After being fortunate enough to view this movie before its February 9th reported release, I felt it my duty to quickly write a review on this so as to warn others before they let their curiosity get the best of them. My advise is to wait and buy the game Dante’s Inferno by EA Games and skip the 2010 animated movie. The movie is based off the new game coming out Feb. 9, 2010 and follows the lead character, Dante, as he travels through the nine circles of Hell to rescue his lover, Beatrice. Part of my disappointment came when I discovered that the film would not be based off the infamous poem by Dante Alighieri. I wanted to give the film a chance though and left myself open to interpretation, as so many films a of late have taken to straying away from an original story concept. The beginning animation was a bit overdone with the halo glowing effect around the characters which, in my eyes, took away from a rich, detailed possibility. Then when Dante finally makes his way into Hell, the colors become much more rich and alive and is very similar to what you might see in Dead Space. Since the film is so new I find it hard to offer too much information about the purported five animation companies that were involved with this production. The final disappointment, to me, was that the story flowed exactly like a video game. At least with video games we are provided with some interaction to keep our interest but here, it was like watching your buddy play God of War. The animation itself was heavily influenced by a dozen different anime techniques, which are enjoyable to watch, however, I feel you could et the same visual satisfaction with a real story by watching something else. This seemed to be a blantant example of marketing fodder for the upcoming video game craze, just in time to catch the Super Bowl crowd.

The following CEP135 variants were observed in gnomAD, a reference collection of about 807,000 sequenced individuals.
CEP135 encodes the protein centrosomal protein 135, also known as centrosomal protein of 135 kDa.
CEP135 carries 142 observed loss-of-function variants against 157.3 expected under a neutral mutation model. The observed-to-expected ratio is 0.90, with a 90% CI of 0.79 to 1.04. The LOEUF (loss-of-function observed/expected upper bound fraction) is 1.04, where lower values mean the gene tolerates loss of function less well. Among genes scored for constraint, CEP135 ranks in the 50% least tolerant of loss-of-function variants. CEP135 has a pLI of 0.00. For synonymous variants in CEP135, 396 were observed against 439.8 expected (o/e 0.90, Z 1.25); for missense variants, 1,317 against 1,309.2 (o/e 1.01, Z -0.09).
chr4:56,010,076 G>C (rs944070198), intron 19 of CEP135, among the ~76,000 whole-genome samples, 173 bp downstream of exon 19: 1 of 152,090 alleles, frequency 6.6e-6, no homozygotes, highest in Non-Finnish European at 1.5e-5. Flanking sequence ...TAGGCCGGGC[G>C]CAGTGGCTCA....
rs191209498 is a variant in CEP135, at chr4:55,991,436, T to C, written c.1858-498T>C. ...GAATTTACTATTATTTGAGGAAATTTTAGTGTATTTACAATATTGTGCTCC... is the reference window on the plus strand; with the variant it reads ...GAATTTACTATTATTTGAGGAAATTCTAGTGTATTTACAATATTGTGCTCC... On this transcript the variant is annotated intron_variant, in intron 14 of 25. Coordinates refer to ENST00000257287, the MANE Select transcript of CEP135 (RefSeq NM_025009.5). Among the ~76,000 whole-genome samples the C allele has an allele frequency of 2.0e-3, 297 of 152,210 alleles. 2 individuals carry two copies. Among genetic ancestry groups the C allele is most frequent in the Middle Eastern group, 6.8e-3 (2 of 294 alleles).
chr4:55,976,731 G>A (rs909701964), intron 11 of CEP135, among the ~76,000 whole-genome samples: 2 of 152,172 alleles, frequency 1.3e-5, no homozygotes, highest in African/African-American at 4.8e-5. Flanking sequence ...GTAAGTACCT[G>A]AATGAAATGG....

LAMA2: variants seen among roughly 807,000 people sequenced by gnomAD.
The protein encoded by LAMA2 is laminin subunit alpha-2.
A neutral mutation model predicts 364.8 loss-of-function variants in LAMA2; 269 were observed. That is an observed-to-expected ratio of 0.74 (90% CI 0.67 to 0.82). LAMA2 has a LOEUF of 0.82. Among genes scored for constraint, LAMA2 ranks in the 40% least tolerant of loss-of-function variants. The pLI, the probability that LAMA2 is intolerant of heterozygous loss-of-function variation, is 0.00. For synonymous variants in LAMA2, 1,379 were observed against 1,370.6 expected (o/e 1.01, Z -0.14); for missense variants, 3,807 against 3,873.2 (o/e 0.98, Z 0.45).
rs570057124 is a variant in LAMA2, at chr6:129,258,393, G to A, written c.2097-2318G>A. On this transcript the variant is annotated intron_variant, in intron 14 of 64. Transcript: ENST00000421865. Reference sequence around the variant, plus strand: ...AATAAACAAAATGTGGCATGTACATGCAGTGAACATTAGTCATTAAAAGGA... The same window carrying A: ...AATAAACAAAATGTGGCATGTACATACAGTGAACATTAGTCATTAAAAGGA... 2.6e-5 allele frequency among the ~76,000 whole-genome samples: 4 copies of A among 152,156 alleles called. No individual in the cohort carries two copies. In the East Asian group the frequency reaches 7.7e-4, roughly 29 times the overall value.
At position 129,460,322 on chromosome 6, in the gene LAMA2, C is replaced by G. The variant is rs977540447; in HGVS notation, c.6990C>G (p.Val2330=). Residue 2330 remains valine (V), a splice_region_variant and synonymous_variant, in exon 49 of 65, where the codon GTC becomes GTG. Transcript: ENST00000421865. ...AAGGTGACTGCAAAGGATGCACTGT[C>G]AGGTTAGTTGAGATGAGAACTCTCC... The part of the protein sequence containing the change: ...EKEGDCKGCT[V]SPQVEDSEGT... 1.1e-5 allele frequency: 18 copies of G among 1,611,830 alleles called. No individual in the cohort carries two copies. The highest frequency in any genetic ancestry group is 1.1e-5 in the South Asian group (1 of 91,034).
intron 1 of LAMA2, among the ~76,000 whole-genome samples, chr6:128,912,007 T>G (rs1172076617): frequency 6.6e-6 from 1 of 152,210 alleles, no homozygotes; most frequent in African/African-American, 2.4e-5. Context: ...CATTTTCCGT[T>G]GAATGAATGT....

See it if you must, but remember, I warned you.